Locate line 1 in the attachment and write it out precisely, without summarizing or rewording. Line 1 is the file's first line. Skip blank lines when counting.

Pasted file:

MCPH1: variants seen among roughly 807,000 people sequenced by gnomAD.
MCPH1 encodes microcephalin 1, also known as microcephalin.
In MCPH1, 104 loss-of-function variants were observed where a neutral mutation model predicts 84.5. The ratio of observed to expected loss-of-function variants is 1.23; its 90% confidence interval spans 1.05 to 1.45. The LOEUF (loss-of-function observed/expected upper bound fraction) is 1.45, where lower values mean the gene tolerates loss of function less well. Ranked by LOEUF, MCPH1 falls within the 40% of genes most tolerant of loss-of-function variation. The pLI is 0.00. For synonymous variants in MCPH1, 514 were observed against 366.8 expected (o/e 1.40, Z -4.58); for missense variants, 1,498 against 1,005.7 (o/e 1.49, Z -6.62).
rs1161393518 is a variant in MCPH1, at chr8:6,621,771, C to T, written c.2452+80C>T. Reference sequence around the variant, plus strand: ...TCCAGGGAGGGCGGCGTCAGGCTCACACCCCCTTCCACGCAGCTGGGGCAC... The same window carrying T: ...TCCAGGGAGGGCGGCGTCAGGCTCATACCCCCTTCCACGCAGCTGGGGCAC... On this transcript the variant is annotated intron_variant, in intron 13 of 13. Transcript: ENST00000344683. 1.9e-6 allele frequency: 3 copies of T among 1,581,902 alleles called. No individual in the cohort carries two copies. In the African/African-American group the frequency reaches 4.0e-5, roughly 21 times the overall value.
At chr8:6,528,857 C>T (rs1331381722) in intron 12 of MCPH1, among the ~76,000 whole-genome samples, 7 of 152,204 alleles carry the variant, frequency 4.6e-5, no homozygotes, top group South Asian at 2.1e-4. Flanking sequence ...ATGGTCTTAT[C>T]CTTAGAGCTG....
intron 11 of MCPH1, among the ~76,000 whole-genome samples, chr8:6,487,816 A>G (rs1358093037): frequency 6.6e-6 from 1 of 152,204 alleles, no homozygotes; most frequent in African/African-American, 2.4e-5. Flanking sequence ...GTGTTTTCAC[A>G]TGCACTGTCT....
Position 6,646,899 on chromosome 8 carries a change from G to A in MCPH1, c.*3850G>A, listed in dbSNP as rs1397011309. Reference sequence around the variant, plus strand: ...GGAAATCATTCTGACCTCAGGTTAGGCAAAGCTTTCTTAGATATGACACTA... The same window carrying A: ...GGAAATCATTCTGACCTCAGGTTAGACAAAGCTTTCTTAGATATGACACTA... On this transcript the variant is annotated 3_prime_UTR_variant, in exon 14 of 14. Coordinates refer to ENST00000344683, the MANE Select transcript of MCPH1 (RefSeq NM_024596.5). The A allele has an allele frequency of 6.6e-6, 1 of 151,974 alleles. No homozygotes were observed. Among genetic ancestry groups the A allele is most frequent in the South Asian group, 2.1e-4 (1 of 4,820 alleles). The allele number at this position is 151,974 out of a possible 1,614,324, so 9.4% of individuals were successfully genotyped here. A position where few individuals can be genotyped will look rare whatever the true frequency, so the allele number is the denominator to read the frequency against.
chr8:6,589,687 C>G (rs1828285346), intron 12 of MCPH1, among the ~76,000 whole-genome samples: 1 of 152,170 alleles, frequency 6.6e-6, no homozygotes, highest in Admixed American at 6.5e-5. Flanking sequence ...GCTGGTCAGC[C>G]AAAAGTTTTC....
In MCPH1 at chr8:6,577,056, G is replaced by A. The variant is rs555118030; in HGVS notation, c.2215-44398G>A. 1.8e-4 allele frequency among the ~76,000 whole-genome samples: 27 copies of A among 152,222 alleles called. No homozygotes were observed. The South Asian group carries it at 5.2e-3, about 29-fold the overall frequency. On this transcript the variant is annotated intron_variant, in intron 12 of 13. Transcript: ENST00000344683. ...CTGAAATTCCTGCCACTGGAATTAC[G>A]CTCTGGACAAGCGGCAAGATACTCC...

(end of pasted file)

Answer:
MCPH1: variants seen among roughly 807,000 people sequenced by gnomAD.